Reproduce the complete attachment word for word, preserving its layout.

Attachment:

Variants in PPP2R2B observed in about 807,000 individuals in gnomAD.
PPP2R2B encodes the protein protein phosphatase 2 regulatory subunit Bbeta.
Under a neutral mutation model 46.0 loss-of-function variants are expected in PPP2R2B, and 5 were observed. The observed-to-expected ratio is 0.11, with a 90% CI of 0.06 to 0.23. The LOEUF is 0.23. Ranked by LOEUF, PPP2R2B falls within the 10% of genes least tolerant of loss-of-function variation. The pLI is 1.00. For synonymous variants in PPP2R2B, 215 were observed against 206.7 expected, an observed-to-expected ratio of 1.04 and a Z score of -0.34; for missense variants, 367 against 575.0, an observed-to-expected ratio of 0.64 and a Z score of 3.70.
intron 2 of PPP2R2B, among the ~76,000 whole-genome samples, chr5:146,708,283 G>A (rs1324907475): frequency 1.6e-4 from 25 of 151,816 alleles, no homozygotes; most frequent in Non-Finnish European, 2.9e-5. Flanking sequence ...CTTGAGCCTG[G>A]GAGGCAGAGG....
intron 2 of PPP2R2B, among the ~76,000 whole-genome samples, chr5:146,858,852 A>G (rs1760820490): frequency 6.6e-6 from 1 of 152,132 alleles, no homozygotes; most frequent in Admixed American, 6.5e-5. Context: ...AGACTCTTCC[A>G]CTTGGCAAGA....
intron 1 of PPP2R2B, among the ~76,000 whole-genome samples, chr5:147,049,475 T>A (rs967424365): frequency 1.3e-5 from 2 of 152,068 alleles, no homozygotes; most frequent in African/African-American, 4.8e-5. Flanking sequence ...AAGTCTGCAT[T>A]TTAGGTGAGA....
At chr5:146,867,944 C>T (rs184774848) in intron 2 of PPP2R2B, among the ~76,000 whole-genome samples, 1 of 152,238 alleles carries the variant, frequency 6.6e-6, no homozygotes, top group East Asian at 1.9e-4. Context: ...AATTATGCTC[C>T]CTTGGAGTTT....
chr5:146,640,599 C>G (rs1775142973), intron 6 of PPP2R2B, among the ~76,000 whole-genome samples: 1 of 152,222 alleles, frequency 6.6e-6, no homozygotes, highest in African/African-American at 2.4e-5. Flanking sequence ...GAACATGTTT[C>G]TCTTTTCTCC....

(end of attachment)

Variants in PPP2R2B observed in about 807,000 individuals in gnomAD.
PPP2R2B encodes the protein protein phosphatase 2 regulatory subunit Bbeta.
Under a neutral mutation model 46.0 loss-of-function variants are expected in PPP2R2B, and 5 were observed. The observed-to-expected ratio is 0.11, with a 90% CI of 0.06 to 0.23. The LOEUF is 0.23. Ranked by LOEUF, PPP2R2B falls within the 10% of genes least tolerant of loss-of-function variation. The pLI is 1.00. For synonymous variants in PPP2R2B, 215 were observed against 206.7 expected, an observed-to-expected ratio of 1.04 and a Z score of -0.34; for missense variants, 367 against 575.0, an observed-to-expected ratio of 0.64 and a Z score of 3.70.
intron 2 of PPP2R2B, among the ~76,000 whole-genome samples, chr5:146,708,283 G>A (rs1324907475): frequency 1.6e-4 from 25 of 151,816 alleles, no homozygotes; most frequent in Non-Finnish European, 2.9e-5. Flanking sequence ...CTTGAGCCTG[G>A]GAGGCAGAGG....
intron 2 of PPP2R2B, among the ~76,000 whole-genome samples, chr5:146,858,852 A>G (rs1760820490): frequency 6.6e-6 from 1 of 152,132 alleles, no homozygotes; most frequent in Admixed American, 6.5e-5. Context: ...AGACTCTTCC[A>G]CTTGGCAAGA....
intron 1 of PPP2R2B, among the ~76,000 whole-genome samples, chr5:147,049,475 T>A (rs967424365): frequency 1.3e-5 from 2 of 152,068 alleles, no homozygotes; most frequent in African/African-American, 4.8e-5. Flanking sequence ...AAGTCTGCAT[T>A]TTAGGTGAGA....
At chr5:146,867,944 C>T (rs184774848) in intron 2 of PPP2R2B, among the ~76,000 whole-genome samples, 1 of 152,238 alleles carries the variant, frequency 6.6e-6, no homozygotes, top group East Asian at 1.9e-4. Context: ...AATTATGCTC[C>T]CTTGGAGTTT....
chr5:146,640,599 C>G (rs1775142973), intron 6 of PPP2R2B, among the ~76,000 whole-genome samples: 1 of 152,222 alleles, frequency 6.6e-6, no homozygotes, highest in African/African-American at 2.4e-5. Flanking sequence ...GAACATGTTT[C>G]TCTTTTCTCC....